Ashlee Hernandez is a Masters Candidate in the Higher Education Counseling and Student Affairs program. She completed her undergraduate degree at Cal Poly in the College of Liberal Arts, Social Science department. The views reflected in this letter to the editor do not necessarily reflect those of Mustang News’ editorial coverage. This letter has been edited for clarity.


I made a deliberate decision not to share my status as a student-parent when I first enrolled at Cal Poly. I was already overwhelmed by navigating this institution as a first-generation, low-income woman of color. I did not need another marker of diversity — another potential source of bias — as a part of my identity.

Yet, during my first quarter, I was forced to expose my identity to my professor when my son was unexpectedly sent home with a fever. When I requested to care for my sick child, the options were untenable. Missing class to care for my sick child was considered an “unexcused” absence, which on that date, meant that I would not be able to make up the in-class assignment that was 25 percent of my grade. This experience was devastating. It forced me to choose between being a ‘good’ parent and a ‘good’ student — two identities that do not necessarily complement each other in institutions where student-parents are made to feel invisible.

We could all do a better job of recognizing that student-parents exist across all of the six colleges and in our classrooms. We need inclusive policies that allow student-parents to thrive both as students and as parents. The amount of effort we put into being a student while balancing our caregiving duties is what propels us to do what it takes to succeed. I promise the last thing we want to do is to miss a class — we fought too hard to get here. We want the same opportunity to make up missed classwork when our dependents are sick.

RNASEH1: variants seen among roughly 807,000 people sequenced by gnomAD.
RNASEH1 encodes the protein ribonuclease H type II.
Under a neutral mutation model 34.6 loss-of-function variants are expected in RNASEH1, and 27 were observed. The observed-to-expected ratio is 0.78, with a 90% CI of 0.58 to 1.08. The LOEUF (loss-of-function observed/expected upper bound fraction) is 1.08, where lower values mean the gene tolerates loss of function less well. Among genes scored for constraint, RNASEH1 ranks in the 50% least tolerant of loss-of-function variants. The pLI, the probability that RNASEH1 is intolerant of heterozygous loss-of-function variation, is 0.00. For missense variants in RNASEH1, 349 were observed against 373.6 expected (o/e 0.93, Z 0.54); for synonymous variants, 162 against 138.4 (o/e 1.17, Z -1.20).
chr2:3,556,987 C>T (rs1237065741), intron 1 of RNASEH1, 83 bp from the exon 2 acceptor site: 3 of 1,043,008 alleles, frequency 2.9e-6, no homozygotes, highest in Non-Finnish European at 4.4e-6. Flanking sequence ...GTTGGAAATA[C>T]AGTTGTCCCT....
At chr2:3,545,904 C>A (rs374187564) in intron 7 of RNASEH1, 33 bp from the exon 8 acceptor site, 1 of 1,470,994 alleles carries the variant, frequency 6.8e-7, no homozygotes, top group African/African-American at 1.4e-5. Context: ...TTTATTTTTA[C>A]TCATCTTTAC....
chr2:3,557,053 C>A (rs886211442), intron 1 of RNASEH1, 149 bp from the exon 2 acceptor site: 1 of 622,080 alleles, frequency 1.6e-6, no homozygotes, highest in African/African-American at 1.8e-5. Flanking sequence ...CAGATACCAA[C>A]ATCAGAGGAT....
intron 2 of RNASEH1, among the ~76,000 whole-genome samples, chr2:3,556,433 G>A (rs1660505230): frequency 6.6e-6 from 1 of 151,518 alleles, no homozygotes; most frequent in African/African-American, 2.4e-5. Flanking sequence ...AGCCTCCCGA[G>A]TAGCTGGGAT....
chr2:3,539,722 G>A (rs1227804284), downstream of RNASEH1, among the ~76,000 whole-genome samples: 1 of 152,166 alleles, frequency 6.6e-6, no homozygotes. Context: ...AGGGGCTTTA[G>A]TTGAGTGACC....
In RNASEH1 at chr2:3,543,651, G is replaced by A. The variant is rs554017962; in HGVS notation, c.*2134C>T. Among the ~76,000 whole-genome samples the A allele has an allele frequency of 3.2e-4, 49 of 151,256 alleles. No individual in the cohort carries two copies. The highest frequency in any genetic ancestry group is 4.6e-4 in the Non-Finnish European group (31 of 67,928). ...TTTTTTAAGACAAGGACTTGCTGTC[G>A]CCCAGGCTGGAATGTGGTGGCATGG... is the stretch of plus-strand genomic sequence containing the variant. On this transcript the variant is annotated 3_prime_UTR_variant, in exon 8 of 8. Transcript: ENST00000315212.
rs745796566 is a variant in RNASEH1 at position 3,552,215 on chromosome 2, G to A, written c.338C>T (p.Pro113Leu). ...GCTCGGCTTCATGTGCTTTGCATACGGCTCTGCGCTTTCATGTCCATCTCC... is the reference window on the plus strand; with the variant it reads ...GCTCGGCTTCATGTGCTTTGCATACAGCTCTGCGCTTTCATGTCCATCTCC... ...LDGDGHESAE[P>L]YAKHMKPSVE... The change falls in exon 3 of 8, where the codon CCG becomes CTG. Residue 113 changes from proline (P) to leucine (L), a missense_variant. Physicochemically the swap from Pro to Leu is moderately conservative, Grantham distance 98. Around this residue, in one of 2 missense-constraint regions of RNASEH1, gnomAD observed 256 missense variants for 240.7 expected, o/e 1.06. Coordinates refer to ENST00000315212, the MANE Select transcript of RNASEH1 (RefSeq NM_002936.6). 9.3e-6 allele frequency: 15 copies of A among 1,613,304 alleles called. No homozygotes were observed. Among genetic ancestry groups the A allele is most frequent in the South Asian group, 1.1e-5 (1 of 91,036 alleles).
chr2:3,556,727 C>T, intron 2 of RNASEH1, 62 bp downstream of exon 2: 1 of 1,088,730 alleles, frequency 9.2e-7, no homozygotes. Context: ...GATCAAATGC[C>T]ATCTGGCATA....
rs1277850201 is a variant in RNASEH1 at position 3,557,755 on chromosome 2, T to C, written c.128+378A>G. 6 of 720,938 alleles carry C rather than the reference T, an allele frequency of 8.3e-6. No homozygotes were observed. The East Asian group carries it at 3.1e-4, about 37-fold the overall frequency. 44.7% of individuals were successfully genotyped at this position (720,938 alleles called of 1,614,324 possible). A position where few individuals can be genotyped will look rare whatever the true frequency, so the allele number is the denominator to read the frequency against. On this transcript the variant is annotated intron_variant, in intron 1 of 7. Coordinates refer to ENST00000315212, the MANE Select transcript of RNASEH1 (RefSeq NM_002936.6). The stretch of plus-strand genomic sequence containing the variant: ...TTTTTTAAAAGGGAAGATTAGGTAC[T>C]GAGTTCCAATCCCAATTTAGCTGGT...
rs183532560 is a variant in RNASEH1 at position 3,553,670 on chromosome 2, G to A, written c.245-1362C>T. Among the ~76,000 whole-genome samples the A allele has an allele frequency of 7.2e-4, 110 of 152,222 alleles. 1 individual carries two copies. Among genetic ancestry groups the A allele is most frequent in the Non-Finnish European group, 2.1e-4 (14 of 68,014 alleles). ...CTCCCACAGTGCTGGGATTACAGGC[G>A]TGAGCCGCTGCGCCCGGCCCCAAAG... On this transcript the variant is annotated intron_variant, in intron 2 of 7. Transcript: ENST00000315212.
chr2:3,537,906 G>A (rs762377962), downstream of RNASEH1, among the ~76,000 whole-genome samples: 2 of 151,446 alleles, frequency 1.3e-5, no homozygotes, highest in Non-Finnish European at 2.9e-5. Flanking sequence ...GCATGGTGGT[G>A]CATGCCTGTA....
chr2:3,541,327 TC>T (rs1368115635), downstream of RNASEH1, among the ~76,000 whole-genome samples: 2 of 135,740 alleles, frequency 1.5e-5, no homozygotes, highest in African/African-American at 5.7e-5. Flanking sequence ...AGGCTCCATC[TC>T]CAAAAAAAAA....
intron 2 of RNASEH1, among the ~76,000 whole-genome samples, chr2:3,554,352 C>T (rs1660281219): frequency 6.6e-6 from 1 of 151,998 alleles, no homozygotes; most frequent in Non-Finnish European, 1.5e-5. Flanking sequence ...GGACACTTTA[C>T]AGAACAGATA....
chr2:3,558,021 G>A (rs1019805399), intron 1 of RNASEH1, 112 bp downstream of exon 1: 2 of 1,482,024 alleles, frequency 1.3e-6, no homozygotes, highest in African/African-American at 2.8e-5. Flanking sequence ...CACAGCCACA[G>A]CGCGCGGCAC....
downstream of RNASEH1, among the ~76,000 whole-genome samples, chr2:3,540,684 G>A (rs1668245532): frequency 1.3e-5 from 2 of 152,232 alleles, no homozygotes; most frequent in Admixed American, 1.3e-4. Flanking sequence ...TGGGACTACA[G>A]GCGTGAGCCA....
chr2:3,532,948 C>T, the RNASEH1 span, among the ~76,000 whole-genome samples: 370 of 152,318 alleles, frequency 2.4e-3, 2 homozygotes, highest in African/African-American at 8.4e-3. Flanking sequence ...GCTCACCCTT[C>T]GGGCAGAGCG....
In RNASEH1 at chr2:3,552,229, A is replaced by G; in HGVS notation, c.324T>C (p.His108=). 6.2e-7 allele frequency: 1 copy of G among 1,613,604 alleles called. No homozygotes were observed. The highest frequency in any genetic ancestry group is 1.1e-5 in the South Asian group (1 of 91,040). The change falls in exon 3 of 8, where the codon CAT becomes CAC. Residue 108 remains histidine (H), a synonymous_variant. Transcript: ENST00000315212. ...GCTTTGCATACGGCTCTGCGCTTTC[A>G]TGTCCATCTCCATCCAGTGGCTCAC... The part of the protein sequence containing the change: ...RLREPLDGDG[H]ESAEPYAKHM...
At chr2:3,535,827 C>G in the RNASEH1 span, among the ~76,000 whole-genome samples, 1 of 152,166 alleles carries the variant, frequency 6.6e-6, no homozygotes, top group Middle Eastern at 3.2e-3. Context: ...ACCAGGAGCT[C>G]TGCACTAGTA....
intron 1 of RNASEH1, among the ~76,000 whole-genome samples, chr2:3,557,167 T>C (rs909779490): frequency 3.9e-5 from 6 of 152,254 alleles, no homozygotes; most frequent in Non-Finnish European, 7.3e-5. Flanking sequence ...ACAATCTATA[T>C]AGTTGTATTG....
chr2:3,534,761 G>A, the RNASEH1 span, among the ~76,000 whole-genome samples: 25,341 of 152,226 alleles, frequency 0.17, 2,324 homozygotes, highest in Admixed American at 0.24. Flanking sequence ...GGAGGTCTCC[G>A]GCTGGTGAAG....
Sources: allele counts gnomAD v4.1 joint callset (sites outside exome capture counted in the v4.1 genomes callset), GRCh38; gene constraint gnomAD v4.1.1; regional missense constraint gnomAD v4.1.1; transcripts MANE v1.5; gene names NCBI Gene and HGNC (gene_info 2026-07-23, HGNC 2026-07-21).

Some of these circumstances are beyond our control. Childcare facilities and public schools are mandated by law to exclude sick children from care for a minimum of 24 hours, creating unintended consequences for students with dependents. For example, if my son becomes suddenly ill, it is difficult to find and afford back-up childcare. Students who care for their ailing adult family members face similar challenges — torn between caring for their ill-family members or attending class. Student-parents should not be penalized for taking care of our family members when they fall ill.

The current class attendance policy omits any mention of students with caregiving duties, thus impacting our ability to both care for sick dependents and have the opportunity to remain in good academic standing. Our current attendance policy is in direct contrast to other California State Universities (CSUs) like Fresno State University and CSU Long Beach, with class attendance policies that support students so that they can care for their family members when they fall ill without the pervasive fear of being punished.

While diversity and inclusion is a core tenet of the values of Cal Poly’s campus, student-parents are absent from these conversations. As a result, this population is made to be unseen, advertently erasing the narratives of those who can occupy and thrive at Cal Poly. Institutions reap the benefits when students can bring their authentic selves to school. We all benefit when students feel like they belong and aren’t penalized for their student-parent status.

With the support of the Educational Opportunity Program, Associated Students, Inc. and Student Affairs, we have offered greater clarity in the language in the class attendance policy to be inclusive of students with caretaking responsibilities. As this resolution moves to the Academic Senate, I urge faculty members to take into consideration policies that recognize this student population and enact practices that can better include student-parents and the diverse personhoods we bring into our learning spaces.

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